The Vatican later clarified that the money hadn't been hidden and that nothing illicit was going on, just that the funds didn't appear on the Vatican's balance sheet. Over the weekend, the Jesuit magazine America reported that an internal Vatican memo had undercut Pell's claim of having found the cash in the first place, saying the funds kept in the Vatican Secretariat of State were well-known, duly reported, were used to cover Vatican losses and special projects and actually had been well-managed over the years.
Francis started off his list with the "ailment of feeling immortal, immune or even indispensable."
Then one-by-one he went on: Being vain. Wanting to accumulate things. Having a "hardened heart." Wooing superiors for personal gain. Having a "funereal face" and being too "rigid, tough and arrogant," especially toward underlings — a possible reference to the recently relieved Swiss Guard commander said to have been too tough on his recruits for Francis' tastes.
Some critiques could have been seen as worthy of praise: working too hard and planning too much ahead. But even those traits came in for criticism as Francis noted that people who don't take time off to be with family are overly stressed, and those who plan everything to a "T'' don't allow themselves to be surprised by the "freshness, fantasy and novelty" of the Holy Spirit.
"How good it is for us to have a healthy sense of humor," he said.
At the end of the speech, Francis asked the prelates to pray that the "wounds of the sins that each one of us carries are healed" and that the Church and Curia itself are made healthy.
WASHINGTON (AP) — Alarmed by increasing encounters between small drones and manned aircraft, drone industry officials said Monday they are teaming up with the government and model aircraft hobbyists to launch a safety campaign.
The campaign includes a website — www.knowbeforeyoufly.com — which advises both recreational and commercial drone operators of FAA regulations and how to fly their unmanned aircraft safely. The campaign was announced by Association for Unmanned Vehicle Systems International and the Small UAV Coalition, both industry trade groups, and the Academy of Model Aeronautics, which represents model aircraft hobbyists, in partnership with the Federal Aviation Administration.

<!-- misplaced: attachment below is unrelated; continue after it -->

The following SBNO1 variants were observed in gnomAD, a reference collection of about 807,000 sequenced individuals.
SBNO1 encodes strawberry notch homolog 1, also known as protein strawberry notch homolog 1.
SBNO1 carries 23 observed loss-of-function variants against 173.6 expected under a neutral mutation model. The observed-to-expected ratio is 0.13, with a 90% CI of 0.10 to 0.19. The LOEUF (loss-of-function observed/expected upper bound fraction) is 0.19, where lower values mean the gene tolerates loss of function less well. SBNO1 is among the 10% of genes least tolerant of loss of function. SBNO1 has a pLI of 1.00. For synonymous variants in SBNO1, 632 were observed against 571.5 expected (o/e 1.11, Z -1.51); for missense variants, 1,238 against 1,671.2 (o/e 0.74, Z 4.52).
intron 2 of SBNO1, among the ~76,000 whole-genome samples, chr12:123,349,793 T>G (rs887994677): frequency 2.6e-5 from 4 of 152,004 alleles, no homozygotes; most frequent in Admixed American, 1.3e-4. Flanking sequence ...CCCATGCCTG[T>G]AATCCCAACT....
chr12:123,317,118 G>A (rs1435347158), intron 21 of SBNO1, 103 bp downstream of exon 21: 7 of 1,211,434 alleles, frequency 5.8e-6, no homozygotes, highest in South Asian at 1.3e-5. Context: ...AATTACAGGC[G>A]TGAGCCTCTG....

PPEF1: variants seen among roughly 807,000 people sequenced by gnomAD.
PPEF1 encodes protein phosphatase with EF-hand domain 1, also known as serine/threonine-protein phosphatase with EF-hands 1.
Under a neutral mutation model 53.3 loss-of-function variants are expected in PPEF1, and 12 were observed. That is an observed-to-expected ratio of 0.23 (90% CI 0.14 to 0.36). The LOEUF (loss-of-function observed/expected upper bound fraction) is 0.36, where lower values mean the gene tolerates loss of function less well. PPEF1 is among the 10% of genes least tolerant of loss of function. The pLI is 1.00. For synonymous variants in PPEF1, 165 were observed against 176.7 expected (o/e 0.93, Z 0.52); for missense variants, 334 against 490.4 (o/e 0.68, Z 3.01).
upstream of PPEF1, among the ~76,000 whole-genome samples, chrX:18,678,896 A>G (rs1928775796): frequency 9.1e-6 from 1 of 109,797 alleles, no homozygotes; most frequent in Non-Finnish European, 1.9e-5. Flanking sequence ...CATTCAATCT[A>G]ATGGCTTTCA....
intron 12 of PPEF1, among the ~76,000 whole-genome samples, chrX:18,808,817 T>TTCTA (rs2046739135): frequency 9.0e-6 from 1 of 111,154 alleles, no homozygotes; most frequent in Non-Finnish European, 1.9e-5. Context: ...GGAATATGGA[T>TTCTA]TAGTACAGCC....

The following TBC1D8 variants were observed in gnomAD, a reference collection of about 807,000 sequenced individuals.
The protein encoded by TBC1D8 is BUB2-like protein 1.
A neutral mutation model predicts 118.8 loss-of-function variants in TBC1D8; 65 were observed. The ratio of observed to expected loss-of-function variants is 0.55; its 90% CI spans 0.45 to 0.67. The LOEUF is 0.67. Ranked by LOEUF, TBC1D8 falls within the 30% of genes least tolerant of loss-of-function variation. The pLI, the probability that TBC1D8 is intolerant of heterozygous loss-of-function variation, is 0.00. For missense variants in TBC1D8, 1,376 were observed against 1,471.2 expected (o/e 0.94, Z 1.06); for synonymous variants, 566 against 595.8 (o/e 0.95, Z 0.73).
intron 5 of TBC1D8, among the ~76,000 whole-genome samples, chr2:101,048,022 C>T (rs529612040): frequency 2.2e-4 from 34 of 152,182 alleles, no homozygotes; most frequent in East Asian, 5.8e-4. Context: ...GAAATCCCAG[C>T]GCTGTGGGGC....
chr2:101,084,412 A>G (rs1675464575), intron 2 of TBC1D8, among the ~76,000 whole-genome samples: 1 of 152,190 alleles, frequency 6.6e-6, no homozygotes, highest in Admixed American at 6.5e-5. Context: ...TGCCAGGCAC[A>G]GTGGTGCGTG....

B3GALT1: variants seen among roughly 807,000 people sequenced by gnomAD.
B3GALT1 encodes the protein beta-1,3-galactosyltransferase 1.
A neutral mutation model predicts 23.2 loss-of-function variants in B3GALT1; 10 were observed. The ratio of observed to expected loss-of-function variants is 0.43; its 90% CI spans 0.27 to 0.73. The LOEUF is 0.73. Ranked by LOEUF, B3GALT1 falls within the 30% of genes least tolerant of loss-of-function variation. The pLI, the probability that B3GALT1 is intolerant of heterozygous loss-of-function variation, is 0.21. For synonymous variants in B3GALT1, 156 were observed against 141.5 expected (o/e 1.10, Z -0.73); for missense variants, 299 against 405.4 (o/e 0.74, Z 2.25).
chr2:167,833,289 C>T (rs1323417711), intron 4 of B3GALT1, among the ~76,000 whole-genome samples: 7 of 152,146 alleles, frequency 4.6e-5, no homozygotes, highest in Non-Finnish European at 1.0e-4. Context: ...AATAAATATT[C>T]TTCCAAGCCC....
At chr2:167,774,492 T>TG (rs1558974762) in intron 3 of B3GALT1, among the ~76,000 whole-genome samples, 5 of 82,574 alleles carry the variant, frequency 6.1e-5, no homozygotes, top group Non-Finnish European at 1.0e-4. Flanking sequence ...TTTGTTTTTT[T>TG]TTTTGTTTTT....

The two industry trade groups also said they plan to distribute safety pamphlets at industry events, and are working with drone manufacturers to see that safety information is enclosed inside the package of new drones.
Retailers say small drones, which are indistinguishable from today's more sophisticated model aircraft, are flying off the shelves this Christmas.
"In just a few days, kids old and young will unwrap presents, and many of them — maybe tens of thousands — will have unmanned aircraft," Michael Toscano, president of the unmanned vehicle association, said in a conference call with reporters. "This technology is very accessible and in very high demand, but information on how to fly safety isn't readily available. That's why we've created this safety campaign."
The FAA is concerned that amateurs are using the drones in a reckless manner, increasing the likelihood of a collision that could bring down a plane or rain debris down on people. The agency has been receiving about 25 reports per month this year of drones sighted flying near manned aircraft or airports, up from just a handful of reports two years ago.
"This is an issue of growing concern," said FAA Administrator Michael Huerta. "The price of unmanned aircraft has come down and this newer and more powerful technology is more affordable to more people, yet many are not familiar with the rules of flying."
Small drones are available today for as little as a few hundred dollars. As of the end of 2013, about 1 million small drones had been sold worldwide for recreational and commercial use, according to industry estimates. Sales this year are expected to significantly outdistance previous tallies. Catalogs life Hammacher Schlemmer and Brookestone have prominently feature small drones this Christmas, while online retailer Amazon is offering more than a dozen different models priced from as little as $30 to nearly $3,000.
"Many of these operators have no aviation history, background or knowledge," Margaret Gilligan, FAA's associate administrator for safety, told a recent forum hosted by the Air Line Pilots Association. "They think they just bought something fun that they just want to fly around. They don't for a moment think, 'I'm entering the national airspace system.' "
Such operators don't intend to interfere with manned aircraft, but "they just don't know what they don't know," she said.
In response to safety concerns, Amazon created a special webpage on it's website with safety information for drone customers.
But Ben Berman, an airline captain who flies Boeing 737s, told the same forum that "the current situation is out of control."
"An education campaign on Amazon.com is not adequate," he said. "Yes, if my aircraft goes down and we are mourning something strong will happen, but we can't allow that to happen to me or anybody else."
Follow Joan Lowy on Twitter at http://www.twitter.com/AP_Joan_Lowy